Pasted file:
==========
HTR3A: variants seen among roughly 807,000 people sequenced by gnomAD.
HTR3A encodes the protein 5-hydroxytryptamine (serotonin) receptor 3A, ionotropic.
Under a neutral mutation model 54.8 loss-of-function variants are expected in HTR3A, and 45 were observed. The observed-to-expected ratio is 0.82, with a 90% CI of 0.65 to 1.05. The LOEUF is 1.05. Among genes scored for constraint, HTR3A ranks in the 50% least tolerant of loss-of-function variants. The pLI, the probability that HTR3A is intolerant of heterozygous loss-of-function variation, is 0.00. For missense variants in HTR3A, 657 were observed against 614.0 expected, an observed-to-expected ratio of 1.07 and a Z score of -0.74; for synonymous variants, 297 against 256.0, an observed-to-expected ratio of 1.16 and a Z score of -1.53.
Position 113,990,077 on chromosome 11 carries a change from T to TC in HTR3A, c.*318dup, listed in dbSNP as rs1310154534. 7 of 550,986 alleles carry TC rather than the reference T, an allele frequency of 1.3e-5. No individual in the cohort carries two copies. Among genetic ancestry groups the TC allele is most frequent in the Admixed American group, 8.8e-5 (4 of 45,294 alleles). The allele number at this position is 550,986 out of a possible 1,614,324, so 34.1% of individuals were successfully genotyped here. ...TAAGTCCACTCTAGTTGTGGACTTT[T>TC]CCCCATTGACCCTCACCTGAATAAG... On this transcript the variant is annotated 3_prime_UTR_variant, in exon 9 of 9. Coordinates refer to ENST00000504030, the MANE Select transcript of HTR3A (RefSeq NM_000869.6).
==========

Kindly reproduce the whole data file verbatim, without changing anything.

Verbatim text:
HTR3A: variants seen among roughly 807,000 people sequenced by gnomAD.
HTR3A encodes the protein 5-hydroxytryptamine (serotonin) receptor 3A, ionotropic.
Under a neutral mutation model 54.8 loss-of-function variants are expected in HTR3A, and 45 were observed. The observed-to-expected ratio is 0.82, with a 90% CI of 0.65 to 1.05. The LOEUF is 1.05. Among genes scored for constraint, HTR3A ranks in the 50% least tolerant of loss-of-function variants. The pLI, the probability that HTR3A is intolerant of heterozygous loss-of-function variation, is 0.00. For missense variants in HTR3A, 657 were observed against 614.0 expected, an observed-to-expected ratio of 1.07 and a Z score of -0.74; for synonymous variants, 297 against 256.0, an observed-to-expected ratio of 1.16 and a Z score of -1.53.
Position 113,990,077 on chromosome 11 carries a change from T to TC in HTR3A, c.*318dup, listed in dbSNP as rs1310154534. 7 of 550,986 alleles carry TC rather than the reference T, an allele frequency of 1.3e-5. No individual in the cohort carries two copies. Among genetic ancestry groups the TC allele is most frequent in the Admixed American group, 8.8e-5 (4 of 45,294 alleles). The allele number at this position is 550,986 out of a possible 1,614,324, so 34.1% of individuals were successfully genotyped here. ...TAAGTCCACTCTAGTTGTGGACTTT[T>TC]CCCCATTGACCCTCACCTGAATAAG... On this transcript the variant is annotated 3_prime_UTR_variant, in exon 9 of 9. Coordinates refer to ENST00000504030, the MANE Select transcript of HTR3A (RefSeq NM_000869.6).